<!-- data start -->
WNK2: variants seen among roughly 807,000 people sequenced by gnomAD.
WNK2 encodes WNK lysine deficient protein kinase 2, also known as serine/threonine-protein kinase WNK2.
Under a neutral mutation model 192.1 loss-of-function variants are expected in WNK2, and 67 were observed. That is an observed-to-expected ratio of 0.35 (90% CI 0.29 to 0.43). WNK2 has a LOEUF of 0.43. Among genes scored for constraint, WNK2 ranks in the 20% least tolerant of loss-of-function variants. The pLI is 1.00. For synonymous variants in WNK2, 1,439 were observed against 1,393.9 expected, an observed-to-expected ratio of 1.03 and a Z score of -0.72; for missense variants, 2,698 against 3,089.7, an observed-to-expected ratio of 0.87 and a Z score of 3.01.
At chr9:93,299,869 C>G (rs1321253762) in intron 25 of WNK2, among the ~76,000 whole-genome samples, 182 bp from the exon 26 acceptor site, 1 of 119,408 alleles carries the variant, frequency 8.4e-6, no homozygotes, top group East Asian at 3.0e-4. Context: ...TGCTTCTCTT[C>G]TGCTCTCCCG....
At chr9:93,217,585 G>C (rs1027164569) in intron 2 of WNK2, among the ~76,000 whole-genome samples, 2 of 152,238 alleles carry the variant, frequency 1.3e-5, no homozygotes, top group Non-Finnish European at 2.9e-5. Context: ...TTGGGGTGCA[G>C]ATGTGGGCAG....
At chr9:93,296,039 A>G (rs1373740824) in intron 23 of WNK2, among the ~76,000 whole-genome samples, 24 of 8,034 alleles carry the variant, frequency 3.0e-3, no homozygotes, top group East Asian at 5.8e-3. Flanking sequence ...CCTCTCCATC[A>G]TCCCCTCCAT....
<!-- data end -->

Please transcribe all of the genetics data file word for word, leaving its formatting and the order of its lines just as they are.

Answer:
WNK2: variants seen among roughly 807,000 people sequenced by gnomAD.
WNK2 encodes WNK lysine deficient protein kinase 2, also known as serine/threonine-protein kinase WNK2.
Under a neutral mutation model 192.1 loss-of-function variants are expected in WNK2, and 67 were observed. That is an observed-to-expected ratio of 0.35 (90% CI 0.29 to 0.43). WNK2 has a LOEUF of 0.43. Among genes scored for constraint, WNK2 ranks in the 20% least tolerant of loss-of-function variants. The pLI is 1.00. For synonymous variants in WNK2, 1,439 were observed against 1,393.9 expected, an observed-to-expected ratio of 1.03 and a Z score of -0.72; for missense variants, 2,698 against 3,089.7, an observed-to-expected ratio of 0.87 and a Z score of 3.01.
At chr9:93,299,869 C>G (rs1321253762) in intron 25 of WNK2, among the ~76,000 whole-genome samples, 182 bp from the exon 26 acceptor site, 1 of 119,408 alleles carries the variant, frequency 8.4e-6, no homozygotes, top group East Asian at 3.0e-4. Context: ...TGCTTCTCTT[C>G]TGCTCTCCCG....
At chr9:93,217,585 G>C (rs1027164569) in intron 2 of WNK2, among the ~76,000 whole-genome samples, 2 of 152,238 alleles carry the variant, frequency 1.3e-5, no homozygotes, top group Non-Finnish European at 2.9e-5. Context: ...TTGGGGTGCA[G>C]ATGTGGGCAG....
At chr9:93,296,039 A>G (rs1373740824) in intron 23 of WNK2, among the ~76,000 whole-genome samples, 24 of 8,034 alleles carry the variant, frequency 3.0e-3, no homozygotes, top group East Asian at 5.8e-3. Flanking sequence ...CCTCTCCATC[A>G]TCCCCTCCAT....